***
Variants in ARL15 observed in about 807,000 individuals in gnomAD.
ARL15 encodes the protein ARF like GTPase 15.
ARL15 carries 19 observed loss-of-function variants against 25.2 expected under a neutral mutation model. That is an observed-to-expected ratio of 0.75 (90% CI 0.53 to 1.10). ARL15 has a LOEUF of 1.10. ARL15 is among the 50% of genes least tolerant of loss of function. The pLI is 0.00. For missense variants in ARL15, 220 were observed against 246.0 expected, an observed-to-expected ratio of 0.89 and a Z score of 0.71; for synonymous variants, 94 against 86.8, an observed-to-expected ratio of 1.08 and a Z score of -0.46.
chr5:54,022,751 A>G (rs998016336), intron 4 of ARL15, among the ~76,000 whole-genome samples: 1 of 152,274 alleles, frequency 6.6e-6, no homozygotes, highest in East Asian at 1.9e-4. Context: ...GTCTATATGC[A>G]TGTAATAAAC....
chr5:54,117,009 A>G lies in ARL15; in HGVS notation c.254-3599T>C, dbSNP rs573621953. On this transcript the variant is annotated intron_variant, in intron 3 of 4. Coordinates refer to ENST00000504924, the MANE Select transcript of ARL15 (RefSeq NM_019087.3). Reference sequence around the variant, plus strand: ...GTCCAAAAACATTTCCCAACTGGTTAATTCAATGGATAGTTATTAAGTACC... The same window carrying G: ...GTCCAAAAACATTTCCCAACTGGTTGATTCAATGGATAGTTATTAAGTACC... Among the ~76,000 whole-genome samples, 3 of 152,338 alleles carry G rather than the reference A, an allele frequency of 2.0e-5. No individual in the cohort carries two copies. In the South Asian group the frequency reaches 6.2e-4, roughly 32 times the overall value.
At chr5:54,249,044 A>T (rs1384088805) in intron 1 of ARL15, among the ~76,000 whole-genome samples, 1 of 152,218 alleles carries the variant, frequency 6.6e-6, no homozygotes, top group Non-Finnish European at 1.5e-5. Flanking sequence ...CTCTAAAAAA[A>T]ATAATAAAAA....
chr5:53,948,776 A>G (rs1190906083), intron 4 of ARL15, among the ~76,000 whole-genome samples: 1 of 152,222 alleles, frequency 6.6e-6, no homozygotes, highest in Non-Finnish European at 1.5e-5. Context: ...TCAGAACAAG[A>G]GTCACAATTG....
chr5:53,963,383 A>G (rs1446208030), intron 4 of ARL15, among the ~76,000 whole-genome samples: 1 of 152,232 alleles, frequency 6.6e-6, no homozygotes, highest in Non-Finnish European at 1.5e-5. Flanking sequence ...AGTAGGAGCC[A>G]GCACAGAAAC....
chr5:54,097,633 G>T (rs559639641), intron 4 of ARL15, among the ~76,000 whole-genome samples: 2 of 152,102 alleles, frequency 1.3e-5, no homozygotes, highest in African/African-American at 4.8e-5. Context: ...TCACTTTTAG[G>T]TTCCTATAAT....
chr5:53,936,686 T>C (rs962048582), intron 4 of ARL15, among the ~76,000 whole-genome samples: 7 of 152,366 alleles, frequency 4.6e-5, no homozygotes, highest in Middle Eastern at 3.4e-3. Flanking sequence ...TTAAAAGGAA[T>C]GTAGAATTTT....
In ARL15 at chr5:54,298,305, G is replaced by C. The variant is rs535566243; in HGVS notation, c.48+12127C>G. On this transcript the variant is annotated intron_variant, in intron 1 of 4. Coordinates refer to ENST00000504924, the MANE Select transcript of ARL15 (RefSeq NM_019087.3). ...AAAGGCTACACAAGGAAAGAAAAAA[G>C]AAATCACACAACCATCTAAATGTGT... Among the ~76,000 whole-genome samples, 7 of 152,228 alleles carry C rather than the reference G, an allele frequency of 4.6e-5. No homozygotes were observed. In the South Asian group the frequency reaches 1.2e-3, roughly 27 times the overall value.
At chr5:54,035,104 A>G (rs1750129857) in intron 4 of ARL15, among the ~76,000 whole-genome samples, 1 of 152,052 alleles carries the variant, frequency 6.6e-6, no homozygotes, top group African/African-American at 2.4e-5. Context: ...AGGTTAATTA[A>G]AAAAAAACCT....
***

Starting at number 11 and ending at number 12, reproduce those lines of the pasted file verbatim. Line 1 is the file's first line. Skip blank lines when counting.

In ARL15 at chr5:54,298,305, G is replaced by C. The variant is rs535566243; in HGVS notation, c.48+12127C>G. On this transcript the variant is annotated intron_variant, in intron 1 of 4. Coordinates refer to ENST00000504924, the MANE Select transcript of ARL15 (RefSeq NM_019087.3). ...AAAGGCTACACAAGGAAAGAAAAAA[G>C]AAATCACACAACCATCTAAATGTGT... Among the ~76,000 whole-genome samples, 7 of 152,228 alleles carry C rather than the reference G, an allele frequency of 4.6e-5. No homozygotes were observed. In the South Asian group the frequency reaches 1.2e-3, roughly 27 times the overall value.
At chr5:54,035,104 A>G (rs1750129857) in intron 4 of ARL15, among the ~76,000 whole-genome samples, 1 of 152,052 alleles carries the variant, frequency 6.6e-6, no homozygotes, top group African/African-American at 2.4e-5. Context: ...AGGTTAATTA[A>G]AAAAAAACCT....